I’ve been hired to play my saxophone at a wedding in Mazatlán, Mexico, and I decide to drive rather than fly there from my home in Boulder, Colorado. I buy a secondhand Volkswagen van from a smooth-talking salesman: a 1981 model with a fuel-injected engine, sparkling chrome, and an azure paint job — perfect for a trip through the Southwest. But as I tool around town in it, I discover it’s a lemon. My glove compartment becomes stuffed with repair bills for new fuel injectors, ball joints, steering-column assembly, clutch, brake shoes, and so on. I dub the malevolent machine “Helga the Hideous,” and, before leaving for Mexico, I have my friend Aisha, a Buddhist nun, perform a ceremony in which she chants Tibetan prayers and smudges Helga with sage. It works, and I drive trouble-free across the desert and along the steep, winding roads of the Sonoran mountains, arriving in Mazatlán with a sigh of relief.
But before I can perform at the wedding, the charm runs out, and the van’s devilish spirit returns. Helga develops a consumptive cough. On the way to the only Volkswagen dealer in Mazatlán, she sputters to a stop in a middle-class suburb. I smell gasoline and hear a crackling noise. When I look under the vehicle, I see flames. My fire extinguisher proves useless; it spews a meager mound of foam, then stops. Across the road is a vacant lot full of dirt, but I have no shovel. I have brought extra auto parts, extra tires, cans of gasoline, a full set of tools — everything but a shovel. The flames lick higher, and, worried the gas tank will explode, I grab my saxophone and my sleeping bag and watch helplessly from a distance as the fire rages. The cans of gasoline ignite, creating a plume of smoke that attracts a crowd of locals. In an impressive display of pyrotechnics, a WD-40 can explodes through a window and whistles in a broad arc, landing a hundred feet away at the foot of a newspaper boy on a bicycle. The crowd applauds.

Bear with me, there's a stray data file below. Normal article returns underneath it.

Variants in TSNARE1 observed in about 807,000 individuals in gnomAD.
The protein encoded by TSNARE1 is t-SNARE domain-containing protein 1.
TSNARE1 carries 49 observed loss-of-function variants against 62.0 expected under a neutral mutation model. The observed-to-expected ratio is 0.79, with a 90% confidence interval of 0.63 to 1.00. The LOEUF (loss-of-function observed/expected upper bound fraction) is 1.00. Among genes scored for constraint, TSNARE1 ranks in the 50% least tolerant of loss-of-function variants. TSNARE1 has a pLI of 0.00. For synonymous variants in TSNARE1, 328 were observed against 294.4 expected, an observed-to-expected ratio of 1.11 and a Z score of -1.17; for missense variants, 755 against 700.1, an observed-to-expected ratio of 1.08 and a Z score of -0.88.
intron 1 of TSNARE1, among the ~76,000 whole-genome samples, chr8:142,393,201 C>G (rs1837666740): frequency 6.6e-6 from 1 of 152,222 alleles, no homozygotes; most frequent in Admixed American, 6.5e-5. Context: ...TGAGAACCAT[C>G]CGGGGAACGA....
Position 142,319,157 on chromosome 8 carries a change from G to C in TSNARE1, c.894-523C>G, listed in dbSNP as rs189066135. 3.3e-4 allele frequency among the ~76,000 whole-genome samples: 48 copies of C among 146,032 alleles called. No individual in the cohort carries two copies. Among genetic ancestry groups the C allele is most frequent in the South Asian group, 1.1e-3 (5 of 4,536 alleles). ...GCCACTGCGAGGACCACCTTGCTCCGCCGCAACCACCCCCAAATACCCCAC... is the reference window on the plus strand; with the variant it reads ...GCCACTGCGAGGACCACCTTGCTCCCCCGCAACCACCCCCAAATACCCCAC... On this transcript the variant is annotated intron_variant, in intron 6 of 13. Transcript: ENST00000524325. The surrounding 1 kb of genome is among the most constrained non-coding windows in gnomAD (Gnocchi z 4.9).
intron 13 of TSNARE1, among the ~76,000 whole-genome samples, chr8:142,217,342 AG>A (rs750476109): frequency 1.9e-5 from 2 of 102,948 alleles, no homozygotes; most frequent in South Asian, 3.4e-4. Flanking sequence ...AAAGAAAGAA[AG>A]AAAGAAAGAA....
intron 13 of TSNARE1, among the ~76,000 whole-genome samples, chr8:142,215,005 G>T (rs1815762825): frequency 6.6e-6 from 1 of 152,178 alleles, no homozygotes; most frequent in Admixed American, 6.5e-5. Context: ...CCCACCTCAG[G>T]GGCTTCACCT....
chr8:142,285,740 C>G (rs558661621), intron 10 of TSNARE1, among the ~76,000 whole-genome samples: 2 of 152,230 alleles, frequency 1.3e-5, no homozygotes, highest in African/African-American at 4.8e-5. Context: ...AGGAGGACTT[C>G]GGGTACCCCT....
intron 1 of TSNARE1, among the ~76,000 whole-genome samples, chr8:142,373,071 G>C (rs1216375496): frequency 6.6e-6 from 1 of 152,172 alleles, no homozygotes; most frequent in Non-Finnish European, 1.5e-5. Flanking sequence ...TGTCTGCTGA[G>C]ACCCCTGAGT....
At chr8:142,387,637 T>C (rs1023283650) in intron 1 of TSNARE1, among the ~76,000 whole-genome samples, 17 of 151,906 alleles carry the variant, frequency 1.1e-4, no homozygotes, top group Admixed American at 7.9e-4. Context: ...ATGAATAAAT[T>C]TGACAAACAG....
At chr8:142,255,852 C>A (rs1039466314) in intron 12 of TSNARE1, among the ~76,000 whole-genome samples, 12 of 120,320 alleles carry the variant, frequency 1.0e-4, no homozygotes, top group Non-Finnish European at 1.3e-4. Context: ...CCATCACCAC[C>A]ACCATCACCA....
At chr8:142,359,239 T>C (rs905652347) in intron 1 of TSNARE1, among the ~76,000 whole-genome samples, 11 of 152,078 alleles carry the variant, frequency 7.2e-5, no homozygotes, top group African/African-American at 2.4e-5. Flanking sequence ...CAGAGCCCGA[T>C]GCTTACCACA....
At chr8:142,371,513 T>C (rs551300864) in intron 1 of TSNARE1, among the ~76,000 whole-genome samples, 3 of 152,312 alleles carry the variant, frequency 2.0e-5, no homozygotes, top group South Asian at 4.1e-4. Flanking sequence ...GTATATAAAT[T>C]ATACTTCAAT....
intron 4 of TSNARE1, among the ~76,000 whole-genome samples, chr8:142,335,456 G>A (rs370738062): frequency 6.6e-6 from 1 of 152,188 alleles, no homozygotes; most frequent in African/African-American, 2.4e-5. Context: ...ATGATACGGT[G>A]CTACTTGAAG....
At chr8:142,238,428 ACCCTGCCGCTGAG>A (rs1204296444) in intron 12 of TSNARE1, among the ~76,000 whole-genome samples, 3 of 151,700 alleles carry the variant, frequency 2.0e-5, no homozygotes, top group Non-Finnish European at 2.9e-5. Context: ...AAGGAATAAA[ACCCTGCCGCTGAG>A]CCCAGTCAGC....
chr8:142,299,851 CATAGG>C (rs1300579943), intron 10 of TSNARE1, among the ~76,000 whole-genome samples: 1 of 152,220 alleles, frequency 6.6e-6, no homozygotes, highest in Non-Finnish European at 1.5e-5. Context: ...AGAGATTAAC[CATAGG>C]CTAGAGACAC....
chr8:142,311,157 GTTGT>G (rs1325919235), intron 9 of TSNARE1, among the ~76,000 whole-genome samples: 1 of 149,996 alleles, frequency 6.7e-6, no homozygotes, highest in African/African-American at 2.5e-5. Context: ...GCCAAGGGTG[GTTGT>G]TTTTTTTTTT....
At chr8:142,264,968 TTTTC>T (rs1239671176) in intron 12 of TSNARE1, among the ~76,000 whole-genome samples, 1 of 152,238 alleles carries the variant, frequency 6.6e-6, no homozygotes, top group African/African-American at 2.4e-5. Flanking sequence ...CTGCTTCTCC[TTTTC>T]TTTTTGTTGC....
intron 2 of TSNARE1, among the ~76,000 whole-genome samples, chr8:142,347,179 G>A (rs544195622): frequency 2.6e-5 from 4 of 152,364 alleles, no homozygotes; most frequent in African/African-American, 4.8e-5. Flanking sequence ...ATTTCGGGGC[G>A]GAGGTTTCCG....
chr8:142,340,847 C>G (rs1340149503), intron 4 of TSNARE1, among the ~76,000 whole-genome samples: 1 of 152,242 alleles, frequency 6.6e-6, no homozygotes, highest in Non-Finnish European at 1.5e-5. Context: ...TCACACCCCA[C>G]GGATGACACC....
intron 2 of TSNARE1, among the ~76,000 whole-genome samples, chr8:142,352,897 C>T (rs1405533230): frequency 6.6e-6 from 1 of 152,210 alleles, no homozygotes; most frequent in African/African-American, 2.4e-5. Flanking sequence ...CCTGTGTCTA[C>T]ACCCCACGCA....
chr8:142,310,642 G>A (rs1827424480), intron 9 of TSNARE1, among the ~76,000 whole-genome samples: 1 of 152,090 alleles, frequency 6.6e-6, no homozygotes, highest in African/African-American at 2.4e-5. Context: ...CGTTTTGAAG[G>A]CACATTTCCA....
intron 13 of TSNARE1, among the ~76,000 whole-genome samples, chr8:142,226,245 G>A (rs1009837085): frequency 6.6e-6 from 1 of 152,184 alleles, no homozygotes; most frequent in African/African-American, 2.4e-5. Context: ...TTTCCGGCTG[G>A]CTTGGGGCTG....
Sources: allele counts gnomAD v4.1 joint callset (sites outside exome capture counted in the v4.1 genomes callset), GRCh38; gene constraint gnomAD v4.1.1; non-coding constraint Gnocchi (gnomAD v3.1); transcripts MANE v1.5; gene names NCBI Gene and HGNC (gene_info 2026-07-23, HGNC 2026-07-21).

The fire consumes the picture of my guru glued to the dashboard, then engulfs the glove compartment, burning the repair bills and all my traveler’s checks. I have only three hundred pesos — less than thirty dollars — in my pocket. I have lost all my clothes as well as a thousand dollars’ worth of camera equipment, but I am happy: Helga is dead.
The firemen — los bomberos — are tardy, and by the time they arrive, the van is a blackened husk. One of them uses a pike to pull out my still-sizzling chest of automotive tools. I feel a tug at my sleeve and turn to see an old man with skin leathered from a lifetime in the tropical sun. He is dressed like Spencer Tracy in the movie adaptation of Ernest Hemingway’s The Old Man and the Sea: broad-brimmed hat of woven straw, huarache sandals, and hand-sewn cotton pants and shirt. I can picture him going out to sea in a canoe hewn from a log. The man politely asks me in Spanish for a tool. “Todos,” I reply, indicating he should take them all. “Un regalo por tù,” I say in broken Spanish, telling him they are a gift. After the firemen have cooled the tools with water, the old man methodically binds them to the frame of his bicycle with scraps of plastic and twine and rides off, his tires almost flat from the weight of the load. I have just given him enough high-quality Craftsman tools to open an automotive shop.
Observing this, the crowd realizes I am no normal gringo. I am not enraged that the firemen are late. A petite woman with a camera steps up and says, “Sonrisa!” (Smile!) I pose with a goofy grin, and she snaps my photo. A wrecker arrives, lifting Helga the Burned-Out Hulk in its hydraulic pincers, and a funeral procession forms, led by a police car with its siren on and me in the back seat, savoring the hullabaloo.